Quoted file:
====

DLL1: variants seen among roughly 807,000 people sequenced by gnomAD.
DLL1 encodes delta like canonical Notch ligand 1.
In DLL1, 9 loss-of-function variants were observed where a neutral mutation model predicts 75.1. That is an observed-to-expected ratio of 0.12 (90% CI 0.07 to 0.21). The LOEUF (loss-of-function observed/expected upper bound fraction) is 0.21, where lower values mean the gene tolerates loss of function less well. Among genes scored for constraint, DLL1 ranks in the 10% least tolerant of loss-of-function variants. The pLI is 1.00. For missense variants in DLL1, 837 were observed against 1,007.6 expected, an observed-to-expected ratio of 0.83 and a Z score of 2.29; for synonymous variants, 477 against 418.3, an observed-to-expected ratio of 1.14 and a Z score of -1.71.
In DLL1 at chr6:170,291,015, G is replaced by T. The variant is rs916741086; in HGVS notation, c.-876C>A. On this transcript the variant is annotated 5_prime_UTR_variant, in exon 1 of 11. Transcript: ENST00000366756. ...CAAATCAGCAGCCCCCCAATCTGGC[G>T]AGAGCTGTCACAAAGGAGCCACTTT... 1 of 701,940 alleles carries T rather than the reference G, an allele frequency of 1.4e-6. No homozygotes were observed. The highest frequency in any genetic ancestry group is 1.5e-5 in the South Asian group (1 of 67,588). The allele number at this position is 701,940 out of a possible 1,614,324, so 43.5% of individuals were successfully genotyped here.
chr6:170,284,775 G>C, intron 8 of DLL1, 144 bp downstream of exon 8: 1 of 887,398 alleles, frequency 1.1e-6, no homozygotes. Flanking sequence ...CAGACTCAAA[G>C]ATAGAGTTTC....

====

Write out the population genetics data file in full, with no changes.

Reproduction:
DLL1: variants seen among roughly 807,000 people sequenced by gnomAD.
DLL1 encodes delta like canonical Notch ligand 1.
In DLL1, 9 loss-of-function variants were observed where a neutral mutation model predicts 75.1. That is an observed-to-expected ratio of 0.12 (90% CI 0.07 to 0.21). The LOEUF (loss-of-function observed/expected upper bound fraction) is 0.21, where lower values mean the gene tolerates loss of function less well. Among genes scored for constraint, DLL1 ranks in the 10% least tolerant of loss-of-function variants. The pLI is 1.00. For missense variants in DLL1, 837 were observed against 1,007.6 expected, an observed-to-expected ratio of 0.83 and a Z score of 2.29; for synonymous variants, 477 against 418.3, an observed-to-expected ratio of 1.14 and a Z score of -1.71.
In DLL1 at chr6:170,291,015, G is replaced by T. The variant is rs916741086; in HGVS notation, c.-876C>A. On this transcript the variant is annotated 5_prime_UTR_variant, in exon 1 of 11. Transcript: ENST00000366756. ...CAAATCAGCAGCCCCCCAATCTGGC[G>T]AGAGCTGTCACAAAGGAGCCACTTT... 1 of 701,940 alleles carries T rather than the reference G, an allele frequency of 1.4e-6. No homozygotes were observed. The highest frequency in any genetic ancestry group is 1.5e-5 in the South Asian group (1 of 67,588). The allele number at this position is 701,940 out of a possible 1,614,324, so 43.5% of individuals were successfully genotyped here.
chr6:170,284,775 G>C, intron 8 of DLL1, 144 bp downstream of exon 8: 1 of 887,398 alleles, frequency 1.1e-6, no homozygotes. Flanking sequence ...CAGACTCAAA[G>C]ATAGAGTTTC....